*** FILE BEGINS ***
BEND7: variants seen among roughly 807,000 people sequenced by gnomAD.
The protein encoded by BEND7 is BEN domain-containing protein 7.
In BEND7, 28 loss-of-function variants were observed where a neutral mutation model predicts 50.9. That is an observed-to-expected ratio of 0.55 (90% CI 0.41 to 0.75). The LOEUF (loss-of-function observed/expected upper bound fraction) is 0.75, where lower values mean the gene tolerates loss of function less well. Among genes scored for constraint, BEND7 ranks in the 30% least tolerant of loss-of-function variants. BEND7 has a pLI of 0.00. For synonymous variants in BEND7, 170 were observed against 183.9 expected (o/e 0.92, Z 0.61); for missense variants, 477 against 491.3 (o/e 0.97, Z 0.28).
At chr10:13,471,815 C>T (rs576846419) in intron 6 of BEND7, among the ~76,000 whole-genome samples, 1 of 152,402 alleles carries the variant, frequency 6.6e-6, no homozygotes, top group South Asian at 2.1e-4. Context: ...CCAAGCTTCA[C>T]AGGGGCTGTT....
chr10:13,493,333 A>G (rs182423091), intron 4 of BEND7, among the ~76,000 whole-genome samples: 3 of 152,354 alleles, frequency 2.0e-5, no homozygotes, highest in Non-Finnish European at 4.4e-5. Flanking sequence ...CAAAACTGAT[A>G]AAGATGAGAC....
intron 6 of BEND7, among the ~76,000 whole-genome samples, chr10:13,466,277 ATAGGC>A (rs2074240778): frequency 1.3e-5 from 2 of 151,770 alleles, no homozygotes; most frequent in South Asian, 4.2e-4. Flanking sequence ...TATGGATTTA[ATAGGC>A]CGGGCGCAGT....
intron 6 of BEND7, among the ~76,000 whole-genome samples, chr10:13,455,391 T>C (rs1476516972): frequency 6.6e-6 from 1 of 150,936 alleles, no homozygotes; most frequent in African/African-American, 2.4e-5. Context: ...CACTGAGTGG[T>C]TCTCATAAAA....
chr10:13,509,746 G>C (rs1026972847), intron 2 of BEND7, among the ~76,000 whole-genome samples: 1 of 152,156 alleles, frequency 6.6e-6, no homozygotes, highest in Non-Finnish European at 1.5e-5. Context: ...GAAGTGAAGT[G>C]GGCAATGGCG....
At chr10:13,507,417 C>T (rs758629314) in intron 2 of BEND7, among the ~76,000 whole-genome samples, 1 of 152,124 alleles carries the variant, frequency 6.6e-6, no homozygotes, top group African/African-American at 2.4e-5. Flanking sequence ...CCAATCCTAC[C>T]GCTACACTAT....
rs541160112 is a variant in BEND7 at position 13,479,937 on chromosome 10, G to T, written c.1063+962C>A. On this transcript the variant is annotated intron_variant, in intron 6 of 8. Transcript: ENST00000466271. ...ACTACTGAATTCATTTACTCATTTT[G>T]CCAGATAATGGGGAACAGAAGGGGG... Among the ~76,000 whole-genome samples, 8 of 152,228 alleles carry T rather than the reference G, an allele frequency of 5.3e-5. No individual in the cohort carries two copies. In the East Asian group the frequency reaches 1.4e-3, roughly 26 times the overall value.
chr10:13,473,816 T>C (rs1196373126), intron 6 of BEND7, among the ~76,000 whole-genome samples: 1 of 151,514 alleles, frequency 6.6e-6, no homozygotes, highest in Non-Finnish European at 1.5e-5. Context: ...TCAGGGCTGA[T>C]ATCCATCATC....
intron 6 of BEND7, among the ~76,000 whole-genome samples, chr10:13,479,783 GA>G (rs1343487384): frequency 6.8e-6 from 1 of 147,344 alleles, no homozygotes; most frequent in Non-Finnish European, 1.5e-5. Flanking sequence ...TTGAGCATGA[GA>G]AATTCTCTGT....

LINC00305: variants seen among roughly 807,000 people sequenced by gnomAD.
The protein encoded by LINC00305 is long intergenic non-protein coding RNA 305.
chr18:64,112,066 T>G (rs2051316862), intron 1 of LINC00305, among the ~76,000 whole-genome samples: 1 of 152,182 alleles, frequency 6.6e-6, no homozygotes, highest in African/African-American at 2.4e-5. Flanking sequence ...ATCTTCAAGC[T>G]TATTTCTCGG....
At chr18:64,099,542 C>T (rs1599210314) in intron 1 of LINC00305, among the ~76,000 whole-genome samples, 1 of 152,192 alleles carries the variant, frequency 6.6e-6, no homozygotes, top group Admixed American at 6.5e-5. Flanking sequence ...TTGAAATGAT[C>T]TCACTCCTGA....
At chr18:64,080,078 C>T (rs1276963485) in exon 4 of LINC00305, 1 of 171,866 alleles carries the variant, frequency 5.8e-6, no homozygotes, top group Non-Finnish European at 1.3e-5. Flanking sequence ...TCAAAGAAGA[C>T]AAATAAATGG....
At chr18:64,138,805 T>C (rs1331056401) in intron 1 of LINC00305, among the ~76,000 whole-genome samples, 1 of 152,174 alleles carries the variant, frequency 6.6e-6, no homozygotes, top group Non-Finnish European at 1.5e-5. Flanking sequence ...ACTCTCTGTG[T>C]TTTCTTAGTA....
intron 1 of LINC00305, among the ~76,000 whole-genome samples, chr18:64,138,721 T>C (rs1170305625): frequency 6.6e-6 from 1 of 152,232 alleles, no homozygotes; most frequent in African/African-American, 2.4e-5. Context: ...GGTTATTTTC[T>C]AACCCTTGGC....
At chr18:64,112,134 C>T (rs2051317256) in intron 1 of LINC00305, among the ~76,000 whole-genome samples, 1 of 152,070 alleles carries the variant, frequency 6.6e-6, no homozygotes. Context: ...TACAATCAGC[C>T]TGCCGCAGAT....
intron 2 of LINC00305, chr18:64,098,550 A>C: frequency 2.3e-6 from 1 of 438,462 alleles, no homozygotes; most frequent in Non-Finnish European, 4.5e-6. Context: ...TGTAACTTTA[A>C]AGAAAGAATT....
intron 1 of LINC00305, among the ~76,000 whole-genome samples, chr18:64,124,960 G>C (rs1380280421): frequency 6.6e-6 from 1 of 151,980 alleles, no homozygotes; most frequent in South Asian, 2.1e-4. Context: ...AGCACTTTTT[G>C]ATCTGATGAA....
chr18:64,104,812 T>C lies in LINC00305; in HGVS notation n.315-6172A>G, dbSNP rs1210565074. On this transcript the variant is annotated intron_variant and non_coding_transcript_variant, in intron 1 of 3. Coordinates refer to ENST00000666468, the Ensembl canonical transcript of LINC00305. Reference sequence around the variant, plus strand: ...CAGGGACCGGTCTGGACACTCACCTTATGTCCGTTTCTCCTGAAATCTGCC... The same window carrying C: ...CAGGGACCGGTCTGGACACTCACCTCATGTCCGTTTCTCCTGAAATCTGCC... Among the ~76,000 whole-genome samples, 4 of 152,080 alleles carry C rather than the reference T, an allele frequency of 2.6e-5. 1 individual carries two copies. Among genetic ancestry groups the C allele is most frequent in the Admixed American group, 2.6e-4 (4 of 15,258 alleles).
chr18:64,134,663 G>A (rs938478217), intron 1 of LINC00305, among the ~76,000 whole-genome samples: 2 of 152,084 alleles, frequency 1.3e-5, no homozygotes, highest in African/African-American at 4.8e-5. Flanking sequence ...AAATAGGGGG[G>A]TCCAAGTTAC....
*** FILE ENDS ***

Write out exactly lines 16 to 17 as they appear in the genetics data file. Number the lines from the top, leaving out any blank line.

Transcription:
At chr18:64,099,542 C>T (rs1599210314) in intron 1 of LINC00305, among the ~76,000 whole-genome samples, 1 of 152,192 alleles carries the variant, frequency 6.6e-6, no homozygotes, top group Admixed American at 6.5e-5. Flanking sequence ...TTGAAATGAT[C>T]TCACTCCTGA....
At chr18:64,080,078 C>T (rs1276963485) in exon 4 of LINC00305, 1 of 171,866 alleles carries the variant, frequency 5.8e-6, no homozygotes, top group Non-Finnish European at 1.3e-5. Flanking sequence ...TCAAAGAAGA[C>T]AAATAAATGG....